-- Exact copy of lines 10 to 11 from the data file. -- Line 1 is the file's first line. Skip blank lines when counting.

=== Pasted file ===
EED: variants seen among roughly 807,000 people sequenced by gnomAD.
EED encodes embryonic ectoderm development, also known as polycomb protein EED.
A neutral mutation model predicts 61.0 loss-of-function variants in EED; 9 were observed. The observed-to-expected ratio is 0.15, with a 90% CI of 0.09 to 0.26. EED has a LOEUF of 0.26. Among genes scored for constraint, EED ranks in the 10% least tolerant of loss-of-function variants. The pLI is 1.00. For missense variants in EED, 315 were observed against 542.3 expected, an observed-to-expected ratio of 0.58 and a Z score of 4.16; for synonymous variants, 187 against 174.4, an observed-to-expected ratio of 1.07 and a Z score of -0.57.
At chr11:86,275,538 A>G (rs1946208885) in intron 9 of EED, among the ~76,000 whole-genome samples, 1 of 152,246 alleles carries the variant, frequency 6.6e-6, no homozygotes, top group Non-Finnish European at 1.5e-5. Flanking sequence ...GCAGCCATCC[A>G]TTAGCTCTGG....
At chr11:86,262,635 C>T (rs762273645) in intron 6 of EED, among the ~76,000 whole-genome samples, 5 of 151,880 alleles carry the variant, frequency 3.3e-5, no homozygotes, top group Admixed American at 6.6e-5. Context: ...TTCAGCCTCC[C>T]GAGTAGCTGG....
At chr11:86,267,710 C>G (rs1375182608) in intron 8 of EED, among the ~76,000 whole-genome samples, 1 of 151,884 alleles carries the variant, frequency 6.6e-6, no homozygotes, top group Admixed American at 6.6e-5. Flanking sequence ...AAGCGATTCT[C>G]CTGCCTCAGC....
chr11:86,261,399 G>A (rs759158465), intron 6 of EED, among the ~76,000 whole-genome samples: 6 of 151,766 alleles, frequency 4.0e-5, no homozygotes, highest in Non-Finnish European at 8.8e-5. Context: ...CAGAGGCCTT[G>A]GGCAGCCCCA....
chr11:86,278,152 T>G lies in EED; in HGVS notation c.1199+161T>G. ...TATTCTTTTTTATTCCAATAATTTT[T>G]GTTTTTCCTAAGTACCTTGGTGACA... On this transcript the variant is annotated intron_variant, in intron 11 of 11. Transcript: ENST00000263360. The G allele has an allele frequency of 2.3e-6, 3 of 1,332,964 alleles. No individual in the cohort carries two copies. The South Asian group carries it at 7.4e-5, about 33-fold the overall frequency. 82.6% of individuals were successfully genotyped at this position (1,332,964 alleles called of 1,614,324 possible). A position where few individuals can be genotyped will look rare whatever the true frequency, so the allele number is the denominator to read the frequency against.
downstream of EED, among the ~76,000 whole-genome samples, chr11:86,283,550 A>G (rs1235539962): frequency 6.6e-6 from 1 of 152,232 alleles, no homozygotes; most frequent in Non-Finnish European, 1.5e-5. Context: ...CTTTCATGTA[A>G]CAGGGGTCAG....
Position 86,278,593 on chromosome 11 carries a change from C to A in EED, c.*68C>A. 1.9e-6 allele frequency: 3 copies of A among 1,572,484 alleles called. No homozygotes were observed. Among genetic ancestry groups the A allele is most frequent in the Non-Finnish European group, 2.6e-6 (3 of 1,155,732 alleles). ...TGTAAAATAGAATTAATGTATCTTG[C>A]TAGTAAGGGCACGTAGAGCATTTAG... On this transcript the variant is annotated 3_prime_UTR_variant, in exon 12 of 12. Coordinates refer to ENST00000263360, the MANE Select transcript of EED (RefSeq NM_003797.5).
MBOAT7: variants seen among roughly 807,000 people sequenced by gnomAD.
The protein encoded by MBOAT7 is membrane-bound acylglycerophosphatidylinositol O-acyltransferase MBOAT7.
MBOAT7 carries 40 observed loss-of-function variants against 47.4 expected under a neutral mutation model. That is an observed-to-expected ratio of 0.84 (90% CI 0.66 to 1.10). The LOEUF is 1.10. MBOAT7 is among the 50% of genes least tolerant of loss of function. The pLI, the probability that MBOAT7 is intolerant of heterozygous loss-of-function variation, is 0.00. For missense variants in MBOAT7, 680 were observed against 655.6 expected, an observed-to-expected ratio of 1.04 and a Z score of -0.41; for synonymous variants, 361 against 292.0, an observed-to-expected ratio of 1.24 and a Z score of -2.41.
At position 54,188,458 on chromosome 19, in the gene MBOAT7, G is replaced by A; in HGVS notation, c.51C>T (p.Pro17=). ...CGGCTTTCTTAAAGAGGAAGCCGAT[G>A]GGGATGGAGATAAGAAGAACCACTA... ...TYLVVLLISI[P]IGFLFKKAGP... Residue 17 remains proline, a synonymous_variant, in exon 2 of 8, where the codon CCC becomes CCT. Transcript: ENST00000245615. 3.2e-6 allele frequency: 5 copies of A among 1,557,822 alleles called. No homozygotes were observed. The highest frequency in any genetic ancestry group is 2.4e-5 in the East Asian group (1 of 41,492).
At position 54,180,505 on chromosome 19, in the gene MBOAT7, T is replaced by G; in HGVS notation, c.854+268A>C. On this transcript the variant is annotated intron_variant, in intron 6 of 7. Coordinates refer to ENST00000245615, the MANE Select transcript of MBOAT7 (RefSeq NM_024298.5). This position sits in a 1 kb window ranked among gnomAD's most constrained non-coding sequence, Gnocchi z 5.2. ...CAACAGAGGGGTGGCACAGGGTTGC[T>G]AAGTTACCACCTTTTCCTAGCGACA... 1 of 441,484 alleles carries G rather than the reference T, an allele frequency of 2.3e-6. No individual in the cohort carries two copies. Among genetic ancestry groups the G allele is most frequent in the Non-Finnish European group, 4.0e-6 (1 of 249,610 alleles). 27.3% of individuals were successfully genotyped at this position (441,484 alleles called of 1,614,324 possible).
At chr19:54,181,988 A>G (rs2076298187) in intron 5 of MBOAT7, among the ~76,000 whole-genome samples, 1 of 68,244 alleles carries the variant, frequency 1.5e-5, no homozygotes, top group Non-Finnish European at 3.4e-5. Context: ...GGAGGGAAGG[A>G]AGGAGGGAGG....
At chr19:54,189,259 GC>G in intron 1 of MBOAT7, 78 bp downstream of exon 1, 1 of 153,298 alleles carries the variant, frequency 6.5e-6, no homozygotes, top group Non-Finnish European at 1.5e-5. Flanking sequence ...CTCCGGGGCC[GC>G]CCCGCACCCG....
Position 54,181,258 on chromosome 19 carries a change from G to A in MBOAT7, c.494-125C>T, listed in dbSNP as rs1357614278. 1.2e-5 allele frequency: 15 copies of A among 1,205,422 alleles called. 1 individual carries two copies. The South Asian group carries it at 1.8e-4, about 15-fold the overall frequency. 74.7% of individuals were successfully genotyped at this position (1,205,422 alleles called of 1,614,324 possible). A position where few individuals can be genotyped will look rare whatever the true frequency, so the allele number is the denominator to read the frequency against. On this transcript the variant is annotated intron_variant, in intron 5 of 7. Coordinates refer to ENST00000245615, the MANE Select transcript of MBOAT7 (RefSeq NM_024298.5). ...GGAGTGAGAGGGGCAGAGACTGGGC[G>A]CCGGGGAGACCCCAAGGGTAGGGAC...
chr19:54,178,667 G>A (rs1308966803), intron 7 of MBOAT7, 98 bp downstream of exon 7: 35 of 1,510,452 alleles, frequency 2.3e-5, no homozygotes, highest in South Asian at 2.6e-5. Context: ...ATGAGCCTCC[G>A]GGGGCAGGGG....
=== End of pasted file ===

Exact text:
Position 86,278,593 on chromosome 11 carries a change from C to A in EED, c.*68C>A. 1.9e-6 allele frequency: 3 copies of A among 1,572,484 alleles called. No homozygotes were observed. Among genetic ancestry groups the A allele is most frequent in the Non-Finnish European group, 2.6e-6 (3 of 1,155,732 alleles). ...TGTAAAATAGAATTAATGTATCTTG[C>A]TAGTAAGGGCACGTAGAGCATTTAG... On this transcript the variant is annotated 3_prime_UTR_variant, in exon 12 of 12. Coordinates refer to ENST00000263360, the MANE Select transcript of EED (RefSeq NM_003797.5).
MBOAT7: variants seen among roughly 807,000 people sequenced by gnomAD.